Garcia is eyeing either a bout with Pacquiao or a rematch with Spence, who holds the WBC and IBF welterweight titles.

"I have great options," he told DAZN.

"I'm ready to get back in with the best, I would love to get an opportunity to fight Manny Pacquiao, I want a rematch against Errol Spence.

"It would be a tremendous fight, I'm a little bit better now at this weight class."

Pacquiao, 41, last fought in July last year, beating Keith Thurman to claim the WBC welterweight title.

Meanwhile, Roman 'Chocolatito' Gonzalez claimed the WBA super-flyweight title with a ninth-round TKO of Khalid Yafai in Texas.

Deontay Wilder warned "the war has just begun" as he vowed to reclaim his WBC heavyweight world title following his defeat to Tyson Fury.

The previously unbeaten Wilder (42-1-1) retained his belt when the first fight between the pair ended in a contentious draw, but he was comprehensively outboxed by Fury (30-0-1) in Las Vegas last weekend.

The American was knocked down twice, appeared unsteady for much of the fight and was bleeding from his ear long before trainer Mark Breland threw in the towel for a seventh-round TKO at the MGM Grand.

Wilder later claimed his extravagant ring-walk costume was partly to blame for the loss, but he had not posted on his usually vibrant Twitter account since prior to the fight until Friday.

In a video message to his fans, Wilder boldly said: "Hello my people, my Bomb Squad army, my Bomb Squad nation, to all my loved ones around the world.

"I just want to let you know that I am here. Your king is here. And we ain't going nowhere, for the war has just begun. I will rise again.

"I am strong. I am a king. You can't take my pride. I am a warrior. I am a king that will never give up. I am a king that will fight to the death.

"And if anyone don't understand that, don't understand what it is to go to war, don't understand what it is to fight... We will rise again. We will regain the title. I will be back.

"We will hold our heads up high. Our king is in great spirits. And we will rise like a phoenix from the ashes and regain the title.

"I'll see you in a few months, for the war has just begun. All my love to all my people."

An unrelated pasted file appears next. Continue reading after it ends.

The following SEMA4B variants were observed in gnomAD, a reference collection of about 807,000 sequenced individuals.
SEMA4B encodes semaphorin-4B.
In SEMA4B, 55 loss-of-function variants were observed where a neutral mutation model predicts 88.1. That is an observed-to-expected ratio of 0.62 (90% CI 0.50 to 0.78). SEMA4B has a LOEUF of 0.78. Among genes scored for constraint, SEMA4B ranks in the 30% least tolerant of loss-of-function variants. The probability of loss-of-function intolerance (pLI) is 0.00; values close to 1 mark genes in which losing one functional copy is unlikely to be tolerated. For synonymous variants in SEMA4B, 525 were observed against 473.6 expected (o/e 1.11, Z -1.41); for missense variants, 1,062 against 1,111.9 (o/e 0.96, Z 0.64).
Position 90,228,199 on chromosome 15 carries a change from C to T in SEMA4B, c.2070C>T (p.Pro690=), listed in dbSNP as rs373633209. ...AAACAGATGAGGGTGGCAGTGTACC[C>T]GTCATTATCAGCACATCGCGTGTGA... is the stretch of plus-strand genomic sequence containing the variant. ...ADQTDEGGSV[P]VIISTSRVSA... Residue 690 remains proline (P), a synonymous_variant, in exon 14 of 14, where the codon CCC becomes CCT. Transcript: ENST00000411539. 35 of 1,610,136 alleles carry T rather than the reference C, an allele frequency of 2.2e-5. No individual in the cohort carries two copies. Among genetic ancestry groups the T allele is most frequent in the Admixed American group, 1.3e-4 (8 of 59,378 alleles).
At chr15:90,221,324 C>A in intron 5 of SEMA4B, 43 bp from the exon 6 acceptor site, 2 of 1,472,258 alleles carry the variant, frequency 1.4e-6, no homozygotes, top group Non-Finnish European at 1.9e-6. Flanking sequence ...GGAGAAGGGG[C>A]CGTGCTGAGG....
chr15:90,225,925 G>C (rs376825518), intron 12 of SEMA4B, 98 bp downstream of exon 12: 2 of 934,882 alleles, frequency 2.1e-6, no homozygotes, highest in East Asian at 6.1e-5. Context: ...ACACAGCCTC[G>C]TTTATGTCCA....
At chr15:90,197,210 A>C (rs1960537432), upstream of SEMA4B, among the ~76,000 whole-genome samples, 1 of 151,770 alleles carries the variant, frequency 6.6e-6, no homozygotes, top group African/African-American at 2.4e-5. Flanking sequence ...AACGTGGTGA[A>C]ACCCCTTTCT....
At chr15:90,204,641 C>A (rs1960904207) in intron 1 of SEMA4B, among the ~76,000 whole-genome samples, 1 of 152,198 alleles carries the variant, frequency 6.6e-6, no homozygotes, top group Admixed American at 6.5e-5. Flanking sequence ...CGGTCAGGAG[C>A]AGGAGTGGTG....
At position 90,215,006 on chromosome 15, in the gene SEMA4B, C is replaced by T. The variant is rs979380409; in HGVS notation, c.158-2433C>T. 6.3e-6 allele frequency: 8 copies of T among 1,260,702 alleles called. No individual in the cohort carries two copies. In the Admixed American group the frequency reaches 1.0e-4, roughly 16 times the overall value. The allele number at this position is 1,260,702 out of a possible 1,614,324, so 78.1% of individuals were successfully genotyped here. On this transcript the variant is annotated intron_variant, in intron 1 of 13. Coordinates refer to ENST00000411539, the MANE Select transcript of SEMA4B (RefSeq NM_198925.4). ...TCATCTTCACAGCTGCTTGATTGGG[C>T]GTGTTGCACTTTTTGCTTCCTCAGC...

Wilder has a rematch clause for a trilogy fight, although Anthony Joshua's (23-1) promoter Eddie Hearn is keen to pit his own fighter against Fury in a mammoth heavyweight unification bout.

Deontay Wilder's claim that his extravagant ring-walk costume was in part to blame for his defeat to Tyson Fury has been labelled a "poor excuse" by the Briton's promoter Frank Warren.

The previously unbeaten Wilder donned an outfit weighing over 40lbs in tribute to Black History Month prior to his Las Vegas rematch with Fury.

Wilder relinquished his WBC heavyweight title to Fury, who produced a masterclass en route to a sensational seventh-round TKO when his opponent's corner threw in the towel.

After the fight, Wilder did not partake in the post-match news conference as he was taken to hospital but the 34-year-old apportioned his off-key performance to the heavy attire.

"A lot of people saw I wasn't the same Deontay Wilder in there and they're correct," Wilder told The Athletic. 

"It's my own fault. My uniform I wore was very heavy for me. I had no legs from the first round on.

"My main focus was to survive with my legs, and not on the principles I know and normally think of. I couldn't follow up with the game plan because of my legs. I couldn't do anything.

"I didn't expect it to be that heavy and have that effect on me. That's the thing we didn't test out: walking to the ring. We didn't time it right. It's all my fault. It's a learning process. 

"I really admire Black History Month, and I wanted to pay tribute to all the men and women who came before me, and I risked that over my title. They died for me, they paved the way for me."

Warren questioned the validity of Wilder's claim, though, and said Fury was simply the better man on the night.

"It's a new one on me but all that gear he had on did make me scratch my head," Warren told talkSPORT.

"But that was his choice and I'm sure when he tried it on they didn't just give it to him on the night, he must have worn it and tried it on, it was made by somebody, so he knew what the weight was. 

"He got beaten by the better man on the night. It's a poor excuse, the best man won on the night, Tyson was the best man.

"And Tyson was in his country! It wasn't like it was over here. Tyson didn't complain about the referee, I thought the referee helped him [Wilder] at times. 

"He had everything going for him Deontay Wilder and got beat by a superb Tyson Fury on the night and that's the end of it."

The decision to throw in the towel was not taken by Wilder's head trainer Jay Deas, but rather assistant Mark Breland.

While Breland's actions have largely earned praise considering Wilder, who was already bleeding form the eardrum, was being pummelled on the ropes, it was a call questioned by the fighter and his team.

Wilder, while saying he understands why the towel was thrown in, will now consider whether Breland remains part of his corner.

"I understand – it's an emotional decision – but that's not his position," Wilder added. "I'm not being emotional now. For many, many years, I have talked about this to my team.

"They know my demeanour, my warrior mindset and if I say I'm going in there to try to kill a man like I have, I accept that in return he will have to kill me as well. I've told them many times that if anyone throws the towel in on me, there will be consequences.

"We love Mark to death and he'll always be part of the team. I understand they don't want me to get hurt, but I was in more danger when I got buzzed against [Luis] Ortiz [in my first fight] than I was in this one.